The Ultimate Foodie Tour of the Ferry Building
When it comes to eating your way through the Ferry Building, the rule “dessert last” need not apply. Cheese after chocolate, macaroons after oysters—anything goes in this foodie temple. We suggest you come really hungry.
When the summer gets cold in San Francisco our natural response is to crave comforting tomato soup and melty grilled cheese sandwiches with tomato jam to warm our cold feet, and there’s no better place to make our cheesy dreams come true than Cowgirl Creamery’s Sidekick Cafe & Milk Bar. Look out for their cheese-centric sandwiches of all forms as well as unique creations such as the San Francisco Egg Cream, made with organic milk and Recchiuti Chocolate.
Plus, just next to the milk bar, in the cheese shop, you can sample their famous triple cream cheese, Mt.Tam, and Red Hawk.
Foodie Tip: On a sunny day, we like to grab an egg sandwich and chocolate milk, buy a ferry ticket to Sausalito and have a small picnic on the deck while enjoying breathtaking views of the city.
You might want to wait until the lunch hour rush has calmed down before you try to get in line for the soft, sticky, steamed buns at Out The Door. The menu at this small food nook with only a few seats at the counter will give you a preview of its big sister’s, The Slanted Door, celebrated Vietnamese dishes. Steamed buns, filled with meaty and vegetarian options are the bestseller, but we also love their crunchy spring rolls or the Saigon roast pork sandwich.
Foodie Tip: Don’t even try to get a spot at the counter, take your food outside to the benches and soak in the prime views of the bay.
There’s always room for ice cream. Especially when it’s Secret Breakfast from Humphry Slocombe. Pleasing ice cream enthusiasts with bold flavors (think bacon, cucumber, corn, and Elvis the Fat Years) and quality ingredients, Humphry Slocombe is not your ordinary scoop shop. Have it before dinner, after lunch, and any time in between.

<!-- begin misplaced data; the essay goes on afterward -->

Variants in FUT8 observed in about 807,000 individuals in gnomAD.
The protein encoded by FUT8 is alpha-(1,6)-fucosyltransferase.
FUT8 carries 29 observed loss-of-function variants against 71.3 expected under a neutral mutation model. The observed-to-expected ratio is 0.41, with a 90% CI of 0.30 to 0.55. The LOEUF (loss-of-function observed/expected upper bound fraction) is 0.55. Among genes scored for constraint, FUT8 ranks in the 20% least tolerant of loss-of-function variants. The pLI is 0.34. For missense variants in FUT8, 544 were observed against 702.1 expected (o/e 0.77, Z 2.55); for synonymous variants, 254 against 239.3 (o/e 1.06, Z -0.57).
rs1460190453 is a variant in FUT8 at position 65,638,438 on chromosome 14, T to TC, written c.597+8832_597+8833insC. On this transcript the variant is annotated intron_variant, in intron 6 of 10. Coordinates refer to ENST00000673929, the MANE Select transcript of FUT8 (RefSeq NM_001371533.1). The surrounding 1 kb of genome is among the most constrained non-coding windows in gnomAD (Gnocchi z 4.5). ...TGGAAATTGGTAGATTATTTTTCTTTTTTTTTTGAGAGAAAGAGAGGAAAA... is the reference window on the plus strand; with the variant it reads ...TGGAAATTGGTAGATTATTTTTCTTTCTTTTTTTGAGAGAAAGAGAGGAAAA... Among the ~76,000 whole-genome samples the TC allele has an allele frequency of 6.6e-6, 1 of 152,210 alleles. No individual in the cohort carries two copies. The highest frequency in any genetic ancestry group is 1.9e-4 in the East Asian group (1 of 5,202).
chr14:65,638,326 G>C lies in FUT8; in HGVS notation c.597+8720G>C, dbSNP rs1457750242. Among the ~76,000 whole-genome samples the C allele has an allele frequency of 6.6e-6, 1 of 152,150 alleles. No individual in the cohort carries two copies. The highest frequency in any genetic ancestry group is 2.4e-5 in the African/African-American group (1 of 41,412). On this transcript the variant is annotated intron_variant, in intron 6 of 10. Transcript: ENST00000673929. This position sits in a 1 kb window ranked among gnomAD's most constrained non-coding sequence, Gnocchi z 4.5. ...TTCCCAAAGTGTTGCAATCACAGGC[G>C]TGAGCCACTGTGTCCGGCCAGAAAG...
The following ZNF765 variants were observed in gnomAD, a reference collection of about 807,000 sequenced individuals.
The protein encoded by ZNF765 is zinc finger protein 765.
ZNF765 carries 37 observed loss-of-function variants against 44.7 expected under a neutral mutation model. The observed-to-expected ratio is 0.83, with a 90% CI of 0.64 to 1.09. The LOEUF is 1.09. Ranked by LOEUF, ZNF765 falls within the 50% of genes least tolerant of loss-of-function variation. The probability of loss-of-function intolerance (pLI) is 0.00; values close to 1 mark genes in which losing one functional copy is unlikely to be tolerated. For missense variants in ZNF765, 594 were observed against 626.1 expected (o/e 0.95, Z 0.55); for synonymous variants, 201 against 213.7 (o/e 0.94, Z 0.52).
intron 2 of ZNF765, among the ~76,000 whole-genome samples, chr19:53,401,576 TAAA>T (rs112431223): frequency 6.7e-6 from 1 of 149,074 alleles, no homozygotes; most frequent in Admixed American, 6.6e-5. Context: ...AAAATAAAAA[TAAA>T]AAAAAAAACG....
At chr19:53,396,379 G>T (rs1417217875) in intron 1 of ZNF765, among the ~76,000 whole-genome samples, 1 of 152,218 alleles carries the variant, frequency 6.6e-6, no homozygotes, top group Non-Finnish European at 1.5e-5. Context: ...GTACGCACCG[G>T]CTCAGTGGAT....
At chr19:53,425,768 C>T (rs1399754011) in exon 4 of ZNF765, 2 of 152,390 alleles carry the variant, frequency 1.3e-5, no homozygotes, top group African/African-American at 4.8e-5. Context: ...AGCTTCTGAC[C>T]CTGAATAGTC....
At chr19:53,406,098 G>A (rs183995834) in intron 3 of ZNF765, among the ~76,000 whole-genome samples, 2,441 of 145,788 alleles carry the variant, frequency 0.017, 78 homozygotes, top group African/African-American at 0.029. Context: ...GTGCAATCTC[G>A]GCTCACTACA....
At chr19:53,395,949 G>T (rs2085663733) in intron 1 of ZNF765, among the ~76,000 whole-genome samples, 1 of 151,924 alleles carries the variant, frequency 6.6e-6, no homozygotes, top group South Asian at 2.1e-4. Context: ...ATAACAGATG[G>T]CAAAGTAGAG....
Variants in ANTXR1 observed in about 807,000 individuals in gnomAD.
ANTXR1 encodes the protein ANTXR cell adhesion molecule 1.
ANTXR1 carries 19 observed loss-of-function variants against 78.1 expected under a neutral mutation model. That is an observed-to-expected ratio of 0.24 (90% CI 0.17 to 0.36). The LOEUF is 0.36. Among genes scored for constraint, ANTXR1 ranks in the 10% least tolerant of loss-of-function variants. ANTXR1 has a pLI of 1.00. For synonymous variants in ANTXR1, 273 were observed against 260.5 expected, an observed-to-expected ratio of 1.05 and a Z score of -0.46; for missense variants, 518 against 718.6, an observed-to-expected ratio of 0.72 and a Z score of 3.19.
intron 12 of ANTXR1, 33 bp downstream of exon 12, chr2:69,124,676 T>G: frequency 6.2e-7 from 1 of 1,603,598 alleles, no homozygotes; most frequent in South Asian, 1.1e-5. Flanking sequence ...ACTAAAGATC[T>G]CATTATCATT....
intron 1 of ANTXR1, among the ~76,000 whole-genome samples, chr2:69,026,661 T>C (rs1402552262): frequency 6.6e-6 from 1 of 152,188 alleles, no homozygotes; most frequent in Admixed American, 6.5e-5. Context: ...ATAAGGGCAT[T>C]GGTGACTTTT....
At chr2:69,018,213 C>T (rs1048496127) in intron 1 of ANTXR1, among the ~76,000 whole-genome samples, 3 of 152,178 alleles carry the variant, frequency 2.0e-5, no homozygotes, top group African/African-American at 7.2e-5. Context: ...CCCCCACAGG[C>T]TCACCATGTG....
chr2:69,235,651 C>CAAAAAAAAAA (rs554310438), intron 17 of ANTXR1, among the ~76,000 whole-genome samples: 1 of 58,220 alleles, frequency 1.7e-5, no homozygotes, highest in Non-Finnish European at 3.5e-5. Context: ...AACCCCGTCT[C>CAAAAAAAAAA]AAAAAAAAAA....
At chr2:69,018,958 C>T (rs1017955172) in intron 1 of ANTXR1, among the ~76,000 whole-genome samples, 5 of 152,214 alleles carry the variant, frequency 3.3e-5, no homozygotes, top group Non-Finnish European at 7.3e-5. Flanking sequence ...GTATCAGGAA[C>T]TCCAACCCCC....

The sandwich and rotisserie menu at Il Cane Rosso happily marries a hint of Italian style with responsibly-sourced, local ingredients. Open for breakfast, lunch, and dinner Il Cane Rosso is a hot spot for farm-to-take away lunchers. For breakfast order the Olive Oil Fried Egg Sandwich, or if you like to snack while browsing, grab a bag of their homemade chips.
Calling all bread lovers, you must hit up Acme Bread Company. Even from a distance, the beguiling scent of their freshly baked bread will unknowingly lead you to the counter of this nationally renowned artisan bakery. Get a loaf and be merry. Fun fact: The owner, Steve Sullivan, started his baking career at Chez Panisse. To this day, Acme bread is the only bread served at the famed Berkeley restaurant.
When recipes get passed from grandmothers to grandchildren, you know they have to be good, and the buttery and flaky empanadas at El Porteño’s stand don’t disappoint. The carne—filled with grass-fed beef, pimento stuffed olives, raisins, and hard-boiled eggs—is their best-selling empanada, but the poultry version, is no less delicious. And don’t fret, vegetarian options are available, too! To stay in the carb department, we treat ourselves to a soft and sweet Earl Grey donut from Pepples Donuts afterwards.